Evening and weekend emails are bad for your company
Email has completely penetrated our private life. Emails are probably screened throughout the evenings and on the weekends in your organization, too. This appears from recent research that we conducted among Belgian and Dutch professionals. Checking emails outside of working hours appears to be beneficial for the organization at first sight, but the contrary is true. Structural evening and weekend work is actually worse for your organization than you might think.
Here are our findings. In total, 525 Belgian and Dutch employees participated in our research. Over the course of six weeks, they received emails with the request to reply immediately after they were read. A number of those emails were sent in the evening after working hours and during the weekend. The reaction speed indicates how much the average employee is connected to their job via their inbox.
A spectacular 10.8% of the evening emails (sent on a workday after 7.30 p.m.) were intercepted within one minute. Almost a quarter (23.3%) read the emails within fifteen minutes and 57.0% read them the same day. For a clear majority of employees, the end of the workday is not the end of worktime and they stay connected with their job via their inbox.
The weekend confirms this permanent connection with work. Of the test emails sent in the night from Friday to Saturday (between 1.30 and 2 a.m.) exactly 3.3% or one out of every thirty was read before six in the morning (!). Saturday morning at 9 a.m. that becomes 26.7%. So, more than one out of every four professionals checks their professional email immediately after waking up. On Saturday night, more than half (55.3%) have read the email and on Sunday night, that is 65.1%. Barely one out of three employees (34.9%) waits until Monday to open their professional mailbox again.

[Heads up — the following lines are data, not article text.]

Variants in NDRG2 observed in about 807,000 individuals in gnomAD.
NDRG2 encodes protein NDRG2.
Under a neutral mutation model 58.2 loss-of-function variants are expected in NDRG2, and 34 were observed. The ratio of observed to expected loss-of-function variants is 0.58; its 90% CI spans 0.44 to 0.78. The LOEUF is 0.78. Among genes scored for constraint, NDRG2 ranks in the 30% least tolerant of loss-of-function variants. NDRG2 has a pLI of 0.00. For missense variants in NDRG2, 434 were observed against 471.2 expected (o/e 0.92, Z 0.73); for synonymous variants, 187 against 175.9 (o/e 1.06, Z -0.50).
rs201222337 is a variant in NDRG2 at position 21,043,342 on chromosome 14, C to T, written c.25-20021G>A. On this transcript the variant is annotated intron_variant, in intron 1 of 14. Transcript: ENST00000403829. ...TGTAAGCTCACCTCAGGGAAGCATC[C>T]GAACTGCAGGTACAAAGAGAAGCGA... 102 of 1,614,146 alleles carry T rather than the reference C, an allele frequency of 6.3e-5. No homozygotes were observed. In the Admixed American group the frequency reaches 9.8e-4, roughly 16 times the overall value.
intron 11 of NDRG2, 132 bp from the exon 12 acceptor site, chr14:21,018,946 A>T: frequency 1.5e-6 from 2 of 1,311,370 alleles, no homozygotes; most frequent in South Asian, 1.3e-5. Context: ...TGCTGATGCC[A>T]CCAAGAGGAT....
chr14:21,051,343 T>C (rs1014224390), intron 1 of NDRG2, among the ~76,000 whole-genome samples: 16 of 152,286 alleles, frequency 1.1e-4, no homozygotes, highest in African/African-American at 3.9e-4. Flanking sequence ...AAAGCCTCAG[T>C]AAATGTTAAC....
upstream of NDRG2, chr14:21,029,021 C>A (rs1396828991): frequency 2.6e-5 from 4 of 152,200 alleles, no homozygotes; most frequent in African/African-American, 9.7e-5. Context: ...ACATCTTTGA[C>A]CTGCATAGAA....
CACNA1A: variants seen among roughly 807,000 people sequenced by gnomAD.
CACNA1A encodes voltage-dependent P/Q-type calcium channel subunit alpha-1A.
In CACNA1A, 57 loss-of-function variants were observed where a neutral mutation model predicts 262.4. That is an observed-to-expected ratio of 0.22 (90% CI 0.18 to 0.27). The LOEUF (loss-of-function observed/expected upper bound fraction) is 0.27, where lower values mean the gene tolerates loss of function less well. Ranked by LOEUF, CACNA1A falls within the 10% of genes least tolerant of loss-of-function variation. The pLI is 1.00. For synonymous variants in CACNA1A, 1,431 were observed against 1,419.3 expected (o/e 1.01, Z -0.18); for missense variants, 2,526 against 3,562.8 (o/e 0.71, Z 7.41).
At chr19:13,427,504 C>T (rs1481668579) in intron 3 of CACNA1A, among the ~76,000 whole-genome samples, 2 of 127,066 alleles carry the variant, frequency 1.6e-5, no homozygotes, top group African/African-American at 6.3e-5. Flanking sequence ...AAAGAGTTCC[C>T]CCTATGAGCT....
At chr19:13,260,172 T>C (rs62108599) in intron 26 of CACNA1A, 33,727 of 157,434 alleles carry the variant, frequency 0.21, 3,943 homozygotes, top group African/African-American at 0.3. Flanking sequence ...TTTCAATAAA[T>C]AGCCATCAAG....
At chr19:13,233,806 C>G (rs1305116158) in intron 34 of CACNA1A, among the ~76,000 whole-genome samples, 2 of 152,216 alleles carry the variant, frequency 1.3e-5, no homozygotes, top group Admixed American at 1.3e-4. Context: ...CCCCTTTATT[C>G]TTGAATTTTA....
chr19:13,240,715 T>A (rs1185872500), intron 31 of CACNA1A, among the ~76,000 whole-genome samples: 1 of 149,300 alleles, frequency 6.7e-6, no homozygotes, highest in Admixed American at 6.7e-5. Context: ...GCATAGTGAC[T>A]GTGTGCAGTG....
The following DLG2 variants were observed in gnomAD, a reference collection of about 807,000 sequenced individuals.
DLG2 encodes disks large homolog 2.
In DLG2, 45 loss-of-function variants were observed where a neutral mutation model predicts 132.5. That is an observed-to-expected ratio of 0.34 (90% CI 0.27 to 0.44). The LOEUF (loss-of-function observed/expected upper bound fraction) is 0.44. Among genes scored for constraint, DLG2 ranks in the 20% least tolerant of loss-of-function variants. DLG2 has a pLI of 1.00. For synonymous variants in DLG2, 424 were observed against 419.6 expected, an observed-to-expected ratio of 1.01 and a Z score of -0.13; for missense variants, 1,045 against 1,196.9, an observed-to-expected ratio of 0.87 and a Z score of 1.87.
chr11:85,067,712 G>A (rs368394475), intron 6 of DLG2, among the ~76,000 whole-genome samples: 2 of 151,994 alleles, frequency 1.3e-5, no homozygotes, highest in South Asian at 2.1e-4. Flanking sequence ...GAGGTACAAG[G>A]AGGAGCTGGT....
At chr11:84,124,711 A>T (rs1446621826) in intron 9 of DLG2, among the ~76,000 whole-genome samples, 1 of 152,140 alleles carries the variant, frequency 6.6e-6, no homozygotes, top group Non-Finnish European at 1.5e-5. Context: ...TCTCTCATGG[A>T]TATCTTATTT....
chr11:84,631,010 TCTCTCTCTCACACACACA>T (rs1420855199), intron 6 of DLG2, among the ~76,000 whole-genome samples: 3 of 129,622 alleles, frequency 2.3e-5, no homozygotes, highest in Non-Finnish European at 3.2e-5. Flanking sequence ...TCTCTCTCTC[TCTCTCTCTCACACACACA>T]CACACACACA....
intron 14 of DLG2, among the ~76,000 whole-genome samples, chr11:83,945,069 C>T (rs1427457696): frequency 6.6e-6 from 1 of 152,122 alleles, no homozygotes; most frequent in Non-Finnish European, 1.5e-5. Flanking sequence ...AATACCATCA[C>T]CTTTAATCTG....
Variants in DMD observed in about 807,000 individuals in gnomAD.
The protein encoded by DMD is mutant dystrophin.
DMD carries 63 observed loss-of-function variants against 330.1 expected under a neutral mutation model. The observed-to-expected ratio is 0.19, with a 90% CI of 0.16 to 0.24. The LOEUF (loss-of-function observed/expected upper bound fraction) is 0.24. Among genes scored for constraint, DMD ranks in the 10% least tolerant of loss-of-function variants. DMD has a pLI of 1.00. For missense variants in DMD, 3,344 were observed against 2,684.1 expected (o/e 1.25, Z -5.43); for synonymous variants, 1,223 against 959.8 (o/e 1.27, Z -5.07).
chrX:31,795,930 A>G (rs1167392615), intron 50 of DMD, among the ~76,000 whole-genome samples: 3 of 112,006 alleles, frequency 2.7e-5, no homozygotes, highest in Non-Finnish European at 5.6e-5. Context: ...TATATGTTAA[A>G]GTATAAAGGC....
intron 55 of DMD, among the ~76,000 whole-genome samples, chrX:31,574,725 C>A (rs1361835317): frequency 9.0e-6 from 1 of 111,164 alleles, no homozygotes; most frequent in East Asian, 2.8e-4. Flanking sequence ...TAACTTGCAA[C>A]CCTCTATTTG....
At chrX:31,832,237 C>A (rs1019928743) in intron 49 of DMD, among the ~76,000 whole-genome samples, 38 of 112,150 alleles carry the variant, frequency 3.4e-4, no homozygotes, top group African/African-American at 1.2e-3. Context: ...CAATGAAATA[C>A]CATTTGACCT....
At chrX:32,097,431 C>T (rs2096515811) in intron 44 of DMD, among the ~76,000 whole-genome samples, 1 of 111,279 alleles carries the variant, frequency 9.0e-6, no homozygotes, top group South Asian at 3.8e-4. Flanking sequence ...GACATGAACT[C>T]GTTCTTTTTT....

This is definitely a problem. Recent research published in Chronobiology International conducted among 57,000 employees in the European Community showed a clear correlation between structural homework and work-related psychological and physical health problems. In other words: the increased short-term gains of the organization due to extra work outside workhours is lost in the long term.
Currently, there are some legal initiatives that would give employees the right to be unreachable. Yet only a change in mentality in your organization will be able to slow down the rise of the email. Organizations that want sharp and motivated employees must give those employees the space to recharge their batteries after working hours and on the weekends. Such a strategy results in happier, more relaxed and productive employees.
Human Resources departments should therefore focus more on the company culture and on awareness training of employees. Not sending unnecessary emails should be a matter of courtesy and respect: you don’t email each other in the evening and at night, just like you don’t call each other. Anyone who does want to email, can postpone his message until the following workday.